• UNESCO-IIEP (2004). Education and the sector-wide approach in Uganda. Paris: UNESCO-IIEP.
  • UNESCO-IBE (2010). World Data on Education VII Ed. 2010/11. Uganda. Geneva: UNESCO-IBE.


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3. Governance and financing

Governance

The Ministry of Education and Sports (MoES):

The TVET system is under the authority of the Ministry of Education and Sports (MoES). The MoES is responsible for programme implementation and monitoring, including procedures for planning, budgeting and annual reviews. Other ministries and stakeholders are involved and may have responsibility for selected strategies, notably the Ministry of Agriculture, Animal Industries and Fisheries (MAAIF).

The Directorate of BTVET:

It manages the government TVET training providers (more than 110 government training centres, schools, institutes and polytechnics).

The Industrial Training Council (ITC):

The ITC consists of the private sector (both training providers and manufacturers in the formal and informal sectors), the relevant ministries, and representatives of employers and employees. The ITC is committed to advocate and lobby for TVET reforms, ensure their operationalisation while improving the image of vocational training, achieving the required linkages and matching vocational training to the competences needed in the Ugandan Labour Market and bringing the Ugandan skills levels in line with the global skills development trends.

The Directorate of Industrial Training (DIT):

The DIT serves as a secretariat for the Industrial Training Council (ITC). The DIT advises on policy matters related to TVET in particular qualifications. It is mandated to award TVET certificates and diplomas; setting and developing appropriate regulations and guidelines for issuance of TVET qualifications by the MoES. DIT develops and updates the training modules.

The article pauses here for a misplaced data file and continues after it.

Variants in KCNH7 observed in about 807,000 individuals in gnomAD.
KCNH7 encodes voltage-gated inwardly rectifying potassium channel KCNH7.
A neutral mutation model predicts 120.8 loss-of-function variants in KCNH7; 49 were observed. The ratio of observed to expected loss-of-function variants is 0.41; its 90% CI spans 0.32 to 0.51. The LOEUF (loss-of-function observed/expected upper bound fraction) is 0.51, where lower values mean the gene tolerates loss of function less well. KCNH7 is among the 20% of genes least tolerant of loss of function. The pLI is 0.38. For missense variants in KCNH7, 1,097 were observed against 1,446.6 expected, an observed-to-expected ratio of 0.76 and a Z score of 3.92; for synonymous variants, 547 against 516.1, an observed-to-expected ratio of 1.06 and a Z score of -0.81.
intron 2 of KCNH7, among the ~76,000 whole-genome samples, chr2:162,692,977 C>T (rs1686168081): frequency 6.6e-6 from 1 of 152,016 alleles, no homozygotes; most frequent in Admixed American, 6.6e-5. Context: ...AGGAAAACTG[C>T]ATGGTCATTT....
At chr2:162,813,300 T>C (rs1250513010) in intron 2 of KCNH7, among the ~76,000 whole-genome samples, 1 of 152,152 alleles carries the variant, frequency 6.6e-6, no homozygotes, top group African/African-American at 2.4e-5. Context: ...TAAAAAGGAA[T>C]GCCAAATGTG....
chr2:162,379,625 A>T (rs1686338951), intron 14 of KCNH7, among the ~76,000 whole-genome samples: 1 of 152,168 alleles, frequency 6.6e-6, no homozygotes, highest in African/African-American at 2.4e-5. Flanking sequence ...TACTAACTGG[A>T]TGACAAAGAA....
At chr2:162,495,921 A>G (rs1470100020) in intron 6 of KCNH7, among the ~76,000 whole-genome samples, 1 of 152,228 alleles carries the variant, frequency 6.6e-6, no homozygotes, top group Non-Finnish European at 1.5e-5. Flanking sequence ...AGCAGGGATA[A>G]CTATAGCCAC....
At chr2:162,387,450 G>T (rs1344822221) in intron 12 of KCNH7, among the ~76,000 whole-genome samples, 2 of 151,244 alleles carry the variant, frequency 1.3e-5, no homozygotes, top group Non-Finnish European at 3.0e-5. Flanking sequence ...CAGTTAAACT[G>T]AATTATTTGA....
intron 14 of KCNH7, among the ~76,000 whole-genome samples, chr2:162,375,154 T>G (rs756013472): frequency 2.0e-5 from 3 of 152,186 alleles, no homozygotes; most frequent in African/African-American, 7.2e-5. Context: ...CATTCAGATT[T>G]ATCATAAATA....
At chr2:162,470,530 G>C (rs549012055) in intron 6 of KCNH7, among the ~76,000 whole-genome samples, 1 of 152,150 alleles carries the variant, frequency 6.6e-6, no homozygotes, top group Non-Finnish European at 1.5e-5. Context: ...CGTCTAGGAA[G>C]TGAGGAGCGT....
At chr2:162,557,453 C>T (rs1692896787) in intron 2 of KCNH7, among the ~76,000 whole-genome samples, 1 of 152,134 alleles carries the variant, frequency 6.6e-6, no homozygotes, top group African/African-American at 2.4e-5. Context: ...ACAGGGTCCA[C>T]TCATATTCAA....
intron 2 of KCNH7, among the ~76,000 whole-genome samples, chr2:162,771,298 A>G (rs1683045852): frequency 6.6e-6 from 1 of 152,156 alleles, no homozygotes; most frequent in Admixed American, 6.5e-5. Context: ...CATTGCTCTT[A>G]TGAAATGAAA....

The Uganda Association of Private Vocational Institutions (UGAPRIV):

The UGAPRIV was established to coordinate all registered private providers. Most of the formal skills development institutions that were formerly under other ministries were brought under the skills development sub-sector, although some have since been returned to their departments.

Social Partners:

The government intends to make employers part of the governance structures in the TVET system, both at central level and at the level of TVET institutions. The plan is to include employers, and the business community at large to be equal partners of government in all policy development and planning processes and in the governance of the TVET system, which includes decision on allocation of funds.

Financing

The two major sources of TVET funding are the public budget and private households through training fees. The share of TVET in the MoES budget is relatively low, approximately 4% to 7%. Public unit spending is also low by African standards. A new fund is set up to stimulate new training approaches as well as expanding and improving traditional apprenticeship trainings. Training for the informal sector is largely donor-financed.

Sources:

  • Ministry of Education and Sports (2011). Skilling Uganda, BTVET Strategic Plan 2011-2020. Kampala: Ministry of Education and Sports.
  • Government of Uganda (2010). National Development Plan 2010/2011- 2014/12. Kampala: Government of Uganda.
  • UNESCO-IBE (2010). World Data on Education VII Ed. 2010/11. Uganda. Geneva: UNESCO-IBE.


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4. TVET teachers and trainers

Vocational teacher training is carried out on a more ad hoc basis with upgrading courses for practising teachers or extra training programmes for workers in the field.